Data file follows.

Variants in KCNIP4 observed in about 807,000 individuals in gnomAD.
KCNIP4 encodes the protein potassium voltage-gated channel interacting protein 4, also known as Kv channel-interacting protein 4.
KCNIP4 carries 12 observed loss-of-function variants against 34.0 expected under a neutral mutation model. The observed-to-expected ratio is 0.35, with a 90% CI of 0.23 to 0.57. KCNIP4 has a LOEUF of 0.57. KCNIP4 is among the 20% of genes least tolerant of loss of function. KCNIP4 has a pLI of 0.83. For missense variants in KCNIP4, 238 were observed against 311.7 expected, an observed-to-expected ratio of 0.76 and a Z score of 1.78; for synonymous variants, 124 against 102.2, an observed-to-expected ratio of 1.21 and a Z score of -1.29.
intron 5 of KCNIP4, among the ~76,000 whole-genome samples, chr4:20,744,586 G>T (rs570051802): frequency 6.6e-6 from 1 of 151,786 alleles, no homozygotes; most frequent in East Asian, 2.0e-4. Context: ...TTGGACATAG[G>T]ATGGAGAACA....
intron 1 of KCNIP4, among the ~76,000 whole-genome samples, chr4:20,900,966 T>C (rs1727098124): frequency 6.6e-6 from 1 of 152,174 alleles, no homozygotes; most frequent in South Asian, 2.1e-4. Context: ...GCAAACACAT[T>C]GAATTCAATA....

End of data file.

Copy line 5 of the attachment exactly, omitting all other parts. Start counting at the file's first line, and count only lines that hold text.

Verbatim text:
intron 1 of KCNIP4, among the ~76,000 whole-genome samples, chr4:20,900,966 T>C (rs1727098124): frequency 6.6e-6 from 1 of 152,174 alleles, no homozygotes; most frequent in South Asian, 2.1e-4. Context: ...GCAAACACAT[T>C]GAATTCAATA....